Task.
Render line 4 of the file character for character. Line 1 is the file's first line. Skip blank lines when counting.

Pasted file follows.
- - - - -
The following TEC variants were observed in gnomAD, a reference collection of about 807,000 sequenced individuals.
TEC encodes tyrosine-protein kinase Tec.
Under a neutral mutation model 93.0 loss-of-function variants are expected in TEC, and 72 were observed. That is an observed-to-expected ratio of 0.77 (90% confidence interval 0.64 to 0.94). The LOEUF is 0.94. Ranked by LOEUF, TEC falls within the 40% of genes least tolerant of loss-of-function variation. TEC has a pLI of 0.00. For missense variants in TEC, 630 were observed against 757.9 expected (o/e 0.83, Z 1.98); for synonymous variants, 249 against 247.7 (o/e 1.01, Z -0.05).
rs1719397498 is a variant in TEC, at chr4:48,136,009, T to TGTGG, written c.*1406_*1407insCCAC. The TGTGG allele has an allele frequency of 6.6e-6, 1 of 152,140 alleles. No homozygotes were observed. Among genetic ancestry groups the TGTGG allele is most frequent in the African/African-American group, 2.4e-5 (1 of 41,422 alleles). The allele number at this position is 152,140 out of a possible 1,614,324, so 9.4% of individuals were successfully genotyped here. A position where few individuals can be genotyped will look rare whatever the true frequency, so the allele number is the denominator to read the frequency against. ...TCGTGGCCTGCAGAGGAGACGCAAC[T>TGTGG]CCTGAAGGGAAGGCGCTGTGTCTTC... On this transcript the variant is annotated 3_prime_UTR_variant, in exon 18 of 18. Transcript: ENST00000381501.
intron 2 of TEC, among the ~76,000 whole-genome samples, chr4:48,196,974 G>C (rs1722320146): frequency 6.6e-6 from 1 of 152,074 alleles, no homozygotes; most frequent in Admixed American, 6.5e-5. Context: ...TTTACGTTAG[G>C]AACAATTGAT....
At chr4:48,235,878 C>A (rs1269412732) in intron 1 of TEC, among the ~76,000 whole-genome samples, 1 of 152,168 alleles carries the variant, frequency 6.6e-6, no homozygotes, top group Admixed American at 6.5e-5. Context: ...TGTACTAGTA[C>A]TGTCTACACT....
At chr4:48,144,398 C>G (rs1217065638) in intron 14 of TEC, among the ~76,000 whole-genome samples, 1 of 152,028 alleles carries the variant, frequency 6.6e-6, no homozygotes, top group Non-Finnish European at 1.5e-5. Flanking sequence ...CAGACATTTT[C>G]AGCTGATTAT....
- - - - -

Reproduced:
rs1719397498 is a variant in TEC, at chr4:48,136,009, T to TGTGG, written c.*1406_*1407insCCAC. The TGTGG allele has an allele frequency of 6.6e-6, 1 of 152,140 alleles. No homozygotes were observed. Among genetic ancestry groups the TGTGG allele is most frequent in the African/African-American group, 2.4e-5 (1 of 41,422 alleles). The allele number at this position is 152,140 out of a possible 1,614,324, so 9.4% of individuals were successfully genotyped here. A position where few individuals can be genotyped will look rare whatever the true frequency, so the allele number is the denominator to read the frequency against. ...TCGTGGCCTGCAGAGGAGACGCAAC[T>TGTGG]CCTGAAGGGAAGGCGCTGTGTCTTC... On this transcript the variant is annotated 3_prime_UTR_variant, in exon 18 of 18. Transcript: ENST00000381501.